Urban Rollerblading

I enjoy rollerblading in cities, especially New York City. People often ask me how I rollerblade in cities; how I get around people and taxis, and generally how I avoid collisions with the many obstacles of a city street. I’m now asking myself –how is it done? I’ll try to figure out how people can rollerblade through such formidable territory.

The two basic elements of mastering rollerblading are practice and technical ability. I’ve had lots of practice. I got my first rollerblades when I was 14. It wasn’t very hard for me to learn the basics because I already knew how to use ice hockey skates. My first rollerblading was in street hockey games and on sidewalks around town. Soon I began taking them to New York City to skate on the sidewalks there. The sidewalks are often rough and broken up with cellar doors, subway vents, and steel gutter strips. I don’t remember ever falling down in NYC, but I probably did during some of the first times there. Central Park has always been a favorite with me. I remember going through Times Square on the sidewalk, at a snail’s pace, and thinking how much easier it would be to go on the streets. After I begun using the streets instead of sidewalks, the city seemed somewhat manageable. On rollerblades, places were not so far apart. I could be at the Battery with the Twin Towers only a few minutes away. I did the Brooklyn Bridge several times, although the narrow walkway planking has a way of turning the strongest ankles into jelly. Experience is probably the number one assistant when rollerblading around New York City. Navigation can be challenging, and the ability to make a snap decision while speeding through an intersection is valuable in destination rollerblading.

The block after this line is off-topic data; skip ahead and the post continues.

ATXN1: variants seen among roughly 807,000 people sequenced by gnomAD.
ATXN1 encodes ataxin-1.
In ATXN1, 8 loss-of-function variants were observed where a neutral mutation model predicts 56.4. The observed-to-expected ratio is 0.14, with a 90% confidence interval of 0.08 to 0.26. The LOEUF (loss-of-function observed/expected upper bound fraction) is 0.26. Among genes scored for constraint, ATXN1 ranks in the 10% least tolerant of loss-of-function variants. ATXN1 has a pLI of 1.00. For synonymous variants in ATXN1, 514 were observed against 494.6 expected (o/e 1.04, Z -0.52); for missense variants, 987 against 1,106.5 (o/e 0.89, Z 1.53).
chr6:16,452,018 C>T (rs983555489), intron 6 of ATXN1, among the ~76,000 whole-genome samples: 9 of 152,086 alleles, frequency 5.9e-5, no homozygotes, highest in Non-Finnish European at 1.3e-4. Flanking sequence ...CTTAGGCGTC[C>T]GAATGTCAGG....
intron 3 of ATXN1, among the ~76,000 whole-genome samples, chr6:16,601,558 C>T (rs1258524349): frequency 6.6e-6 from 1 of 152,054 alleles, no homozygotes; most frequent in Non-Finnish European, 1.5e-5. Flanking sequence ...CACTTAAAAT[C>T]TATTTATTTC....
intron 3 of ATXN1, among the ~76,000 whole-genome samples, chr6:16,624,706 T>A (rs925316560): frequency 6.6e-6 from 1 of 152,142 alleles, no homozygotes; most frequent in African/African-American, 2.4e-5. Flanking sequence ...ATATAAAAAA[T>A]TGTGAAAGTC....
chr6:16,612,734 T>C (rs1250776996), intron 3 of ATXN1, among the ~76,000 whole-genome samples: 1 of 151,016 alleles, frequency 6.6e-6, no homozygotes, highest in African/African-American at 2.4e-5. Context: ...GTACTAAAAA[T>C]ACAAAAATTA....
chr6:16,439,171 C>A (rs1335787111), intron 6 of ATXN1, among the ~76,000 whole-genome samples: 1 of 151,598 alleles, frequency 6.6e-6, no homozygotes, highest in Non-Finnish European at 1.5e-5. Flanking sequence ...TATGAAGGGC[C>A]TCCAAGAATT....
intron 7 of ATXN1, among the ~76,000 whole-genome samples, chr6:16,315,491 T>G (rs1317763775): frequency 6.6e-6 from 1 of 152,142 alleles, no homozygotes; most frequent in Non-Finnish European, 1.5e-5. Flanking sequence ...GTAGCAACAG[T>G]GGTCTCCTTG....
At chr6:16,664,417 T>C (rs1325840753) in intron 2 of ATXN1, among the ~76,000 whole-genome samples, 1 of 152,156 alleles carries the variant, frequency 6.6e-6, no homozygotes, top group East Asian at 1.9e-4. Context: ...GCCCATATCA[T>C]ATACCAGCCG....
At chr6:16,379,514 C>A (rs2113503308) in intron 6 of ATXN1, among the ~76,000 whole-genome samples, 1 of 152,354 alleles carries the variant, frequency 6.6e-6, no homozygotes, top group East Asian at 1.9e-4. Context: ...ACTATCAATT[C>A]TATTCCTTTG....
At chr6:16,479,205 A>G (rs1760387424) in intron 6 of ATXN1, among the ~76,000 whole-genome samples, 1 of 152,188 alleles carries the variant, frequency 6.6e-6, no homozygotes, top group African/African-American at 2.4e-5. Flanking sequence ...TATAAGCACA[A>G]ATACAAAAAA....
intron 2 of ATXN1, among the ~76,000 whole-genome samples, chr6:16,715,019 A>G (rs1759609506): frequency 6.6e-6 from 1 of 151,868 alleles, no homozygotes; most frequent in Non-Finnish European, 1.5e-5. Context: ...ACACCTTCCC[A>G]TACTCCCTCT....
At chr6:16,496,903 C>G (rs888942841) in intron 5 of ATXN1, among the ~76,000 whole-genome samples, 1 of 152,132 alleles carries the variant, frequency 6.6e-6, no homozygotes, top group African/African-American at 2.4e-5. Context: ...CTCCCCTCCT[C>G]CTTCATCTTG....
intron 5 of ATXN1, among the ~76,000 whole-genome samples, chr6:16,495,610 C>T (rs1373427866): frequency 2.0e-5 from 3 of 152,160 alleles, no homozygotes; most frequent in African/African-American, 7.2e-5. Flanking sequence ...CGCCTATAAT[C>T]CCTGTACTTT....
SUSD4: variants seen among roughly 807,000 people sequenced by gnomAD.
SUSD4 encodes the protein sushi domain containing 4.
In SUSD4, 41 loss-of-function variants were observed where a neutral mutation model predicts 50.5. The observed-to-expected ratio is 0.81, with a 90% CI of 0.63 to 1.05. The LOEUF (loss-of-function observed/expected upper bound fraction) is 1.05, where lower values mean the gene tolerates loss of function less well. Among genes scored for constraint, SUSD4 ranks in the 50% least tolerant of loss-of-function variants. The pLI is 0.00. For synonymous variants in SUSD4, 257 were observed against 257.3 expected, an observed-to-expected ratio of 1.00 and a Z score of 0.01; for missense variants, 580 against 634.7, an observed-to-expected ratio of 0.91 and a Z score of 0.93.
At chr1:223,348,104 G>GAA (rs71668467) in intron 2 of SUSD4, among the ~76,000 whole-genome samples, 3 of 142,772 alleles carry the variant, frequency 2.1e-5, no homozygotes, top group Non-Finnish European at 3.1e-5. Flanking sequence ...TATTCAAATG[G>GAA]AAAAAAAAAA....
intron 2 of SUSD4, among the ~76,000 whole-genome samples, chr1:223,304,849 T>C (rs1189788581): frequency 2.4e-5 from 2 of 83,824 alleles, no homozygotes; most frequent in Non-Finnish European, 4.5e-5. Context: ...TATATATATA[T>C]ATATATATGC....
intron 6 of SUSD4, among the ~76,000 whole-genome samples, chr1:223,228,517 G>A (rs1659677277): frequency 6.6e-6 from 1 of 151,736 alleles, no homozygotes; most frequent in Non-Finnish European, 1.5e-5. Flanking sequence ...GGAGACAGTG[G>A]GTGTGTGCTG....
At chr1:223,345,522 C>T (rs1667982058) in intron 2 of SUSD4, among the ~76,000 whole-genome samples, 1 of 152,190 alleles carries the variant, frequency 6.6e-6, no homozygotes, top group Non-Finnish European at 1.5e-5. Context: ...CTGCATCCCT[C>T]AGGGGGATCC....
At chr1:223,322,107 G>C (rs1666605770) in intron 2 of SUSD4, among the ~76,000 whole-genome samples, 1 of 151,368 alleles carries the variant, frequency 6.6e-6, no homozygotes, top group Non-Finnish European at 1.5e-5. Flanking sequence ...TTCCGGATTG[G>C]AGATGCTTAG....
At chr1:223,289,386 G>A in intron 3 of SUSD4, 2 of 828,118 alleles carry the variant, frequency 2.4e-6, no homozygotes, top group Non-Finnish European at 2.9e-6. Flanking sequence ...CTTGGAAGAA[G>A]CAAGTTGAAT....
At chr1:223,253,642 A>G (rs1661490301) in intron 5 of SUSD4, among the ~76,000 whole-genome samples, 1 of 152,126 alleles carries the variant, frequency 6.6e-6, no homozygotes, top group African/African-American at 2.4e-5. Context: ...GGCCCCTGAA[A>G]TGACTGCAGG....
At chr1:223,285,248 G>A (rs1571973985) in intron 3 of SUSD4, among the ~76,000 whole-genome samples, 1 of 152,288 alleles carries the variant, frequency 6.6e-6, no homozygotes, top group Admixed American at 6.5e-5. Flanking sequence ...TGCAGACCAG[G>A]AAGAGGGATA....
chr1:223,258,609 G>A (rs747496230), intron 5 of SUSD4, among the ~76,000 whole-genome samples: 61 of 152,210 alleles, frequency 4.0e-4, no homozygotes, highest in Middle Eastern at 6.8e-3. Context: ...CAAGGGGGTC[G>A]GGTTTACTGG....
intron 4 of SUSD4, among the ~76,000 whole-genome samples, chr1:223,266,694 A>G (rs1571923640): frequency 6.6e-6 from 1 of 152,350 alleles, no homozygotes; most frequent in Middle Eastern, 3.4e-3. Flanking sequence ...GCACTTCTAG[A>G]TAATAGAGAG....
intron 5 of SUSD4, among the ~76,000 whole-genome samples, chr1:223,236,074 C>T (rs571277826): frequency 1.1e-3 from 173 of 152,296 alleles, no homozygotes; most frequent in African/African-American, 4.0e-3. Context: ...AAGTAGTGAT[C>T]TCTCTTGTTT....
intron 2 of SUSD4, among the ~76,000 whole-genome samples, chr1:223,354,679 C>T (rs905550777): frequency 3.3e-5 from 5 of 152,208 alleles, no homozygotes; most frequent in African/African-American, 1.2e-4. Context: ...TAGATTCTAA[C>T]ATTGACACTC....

For me, it’s important that my technique is symmetrical. I watch the wear patterns on my wheels and try to adjust my skating style accordingly. Wheels should be worn equally side to side, front to back, and skate to skate. Using alternate braking feet, and using both feet to push forward will result in a more equal physical workout, increase a skater’s flexibility and spontaneity in critical situations, and conserve energy and muscle strength. Here are a few methods of acceleration, or propulsion, that I use. Each has its advantages and disadvantages.

*Standard Acceleration
*

The Good:

  • Most efficient transfer of energy to forward motion
  • Fastest travel speed

The Bad:

  • Wide path because of swinging legs
  • Only one foot on ground during power stroke is not as stable as two

*‘Snake’ Acceleration
*

The Good:

  • Both feet on ground
  • Maximum stability under power, good for navigating crowds of peds
  • Narrow width path

The Bad:

  • Not very fast
  • Higher rolling resistance